dc.description.abstract<table><tr><td colspan="2" class="item-title">Comparison of Teaching Methodologies for Enhancing Critical Thinking (CT) Development in Nursing Students</td></tr><tr class="item-sponsor"><td class="label">Conference Sponsor:</td><td class="value">Sigma Theta Tau International</td></tr><tr class="item-year"><td class="label">Conference Year:</td><td class="value">2001</td></tr><tr class="item-conference-date"><td class="label">Conference Date:</td><td class="value">November 10 - 14, 2001</td></tr><tr class="item-author"><td class="label">Author:</td><td class="value">Croke, Eileen, MSN/MN/MNSc/MNE</td></tr><tr class="item-institute"><td class="label">P.I. Institution Name:</td><td class="value">California State University-Long Beach</td></tr><tr class="item-author-title"><td class="label">Title:</td><td class="value">Assistant Professor</td></tr><tr class="item-email"><td class="label">Email:</td><td class="value">ecroke@csulb.edu</td></tr><tr><td colspan="2" class="item-abstract">PURPOSE: of this study was to evaluate the effects of a combined teaching strategy (formalized classroom CT instruction and reflective journaling) over a singular methodology (formalized classroom CT instruction) for enhancing student&rsquo;s patient care decision-making abilities over one academic semester. Two theoretical concepts guided this study: reflective thinking and lateral transference. DESIGN: of this study was descriptive action research with a comparative pre-posttest design. SAMPLE: sixty-eight first-semester nursing students enrolled in a four-year state university in So. Calif. comprised the convenience sample. The 68 students were divided into two groups: Group 1, an experimental group of 34 students; and Group 2, the control group. NAMES of VARIABLES: the dependent variables were the scores on two CT tests: the California Critical Thinking Skills test (CCTSI) and the California Critical Thinking Disposition Inventory test (CCTDI). The independent variables were the methodologies that included formalized classroom CT instruction and reflective journaling. MEASURES/INSTRUMENTS: Four research instruments were used in this study. One research instrument was a demographic sheet. Two of the instruments were the CCTSI and CCTDI and were used to measures students&rsquo; CT abilities. The fourth instrument was a clinical journal used to evaluate students practice care decision-making abilities. Students completed the pretests of the CCTSI and CCTDI during the first day of the academic semester and the posttest during the last week of the academic semester. Each week of the clinical semester, thirty-four students selected one clinical decision they had made in the course of their clinical day and recorded the decision with full details following seven questions established for the weekly reflective analysis. Over the ten week period, each student self-reflected on ten clinical decisions. Three hundred forty clinical decisions were analyzed. Results of the study were reported in quantitative and qualitative formats. FINDINGS: The matched t-test was used to analyze the CCTSI. In the experimental group, results showed no significant differences between pre/posttest scores, although positive increases were noted in the total mean score and subscales of evaluation, inference and inductive reasoning. In the control group, there were significant negative differences between pre/posttest scores in the total mean score and the subscales of evaluation and deductive reasoning. Positive increases were noted in the subscale scores of analysis, inference and inductive reasoning. The independent t-test was used to evaluate the pre/posttest scores for the experimental and control groups. No significant differences were noted. The t-test was used to analyze the CCTDI. Similar findings were noted between pre/posttest scores for each group on both subscale scores and the total mean score. The students reported that the reflective journal was extremely useful to them noting their development in clinical practice. They reported more confidence in clinical decision-making as they reflected upon past challenges and successes. Students believed they made progress because of increased knowledge, more experience and being able to work with experts. As students continued to practice they reported more application of prior clinical experience during clinical decision-making. Students learned to develop clinical plan using a combination of data resources. CONCLUSIONS/IMPLICATIONS: The literature supported nurse educators using a combination of methodologies rather than one method alone to monitor and evaluate students&rsquo; CT. By itself, formalized classroom instruction provided students with limited CT practice specific to the discipline&mdash;noted by a significant decrease in the total mean scale score. Teaching CT abilities based on the epistemology of the discipline has been shown to enhance CT development&mdash;noted by positive increases in the total mean score. For the CCTDI, results indicated similar findings for both groups. This could be attributed to the fact that dispositions are attitudes held by individuals and cannot be taught. In each group, there was a significant increase in the subscale score of truthseeking. Results of the study lend support for combined methodologies. Reflective journals provide an excellent method for instructors to monitor students&rsquo; progress in the practice care decision-making abilities. In evaluating the journals on a weekly basis, this educator was able to determine what was actually taking place on the clinical floor and in the minds of the novices. The journals indicated what knowledge was being applied accurately and what questions the novice had. Reading the journals also helped the educator understand the practice and needs of the student and identify with greater accuracy those strategies needed to guide students toward increased patient care clinical decision-making abilities.</td></tr></table>en_GB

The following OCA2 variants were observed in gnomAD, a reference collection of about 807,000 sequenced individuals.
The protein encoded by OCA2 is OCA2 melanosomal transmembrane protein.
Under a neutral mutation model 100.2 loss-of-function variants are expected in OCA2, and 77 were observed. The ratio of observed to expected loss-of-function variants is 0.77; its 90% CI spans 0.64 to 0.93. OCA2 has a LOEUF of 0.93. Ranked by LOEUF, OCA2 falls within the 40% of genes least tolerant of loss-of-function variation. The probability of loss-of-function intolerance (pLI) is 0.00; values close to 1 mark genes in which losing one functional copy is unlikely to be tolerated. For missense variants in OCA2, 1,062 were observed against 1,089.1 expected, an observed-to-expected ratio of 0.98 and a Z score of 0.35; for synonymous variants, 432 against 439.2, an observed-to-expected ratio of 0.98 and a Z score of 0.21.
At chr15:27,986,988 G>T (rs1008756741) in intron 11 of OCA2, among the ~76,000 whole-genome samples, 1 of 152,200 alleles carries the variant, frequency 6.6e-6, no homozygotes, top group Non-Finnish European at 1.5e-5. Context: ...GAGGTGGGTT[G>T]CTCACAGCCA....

dc.date.available2011-10-26T10:23:37Z-
dc.date.issued2001-11-10en_GB
dc.date.accessioned2011-10-26T10:23:37Z-
dc.description.sponsorshipSigma Theta Tau Internationalen_GB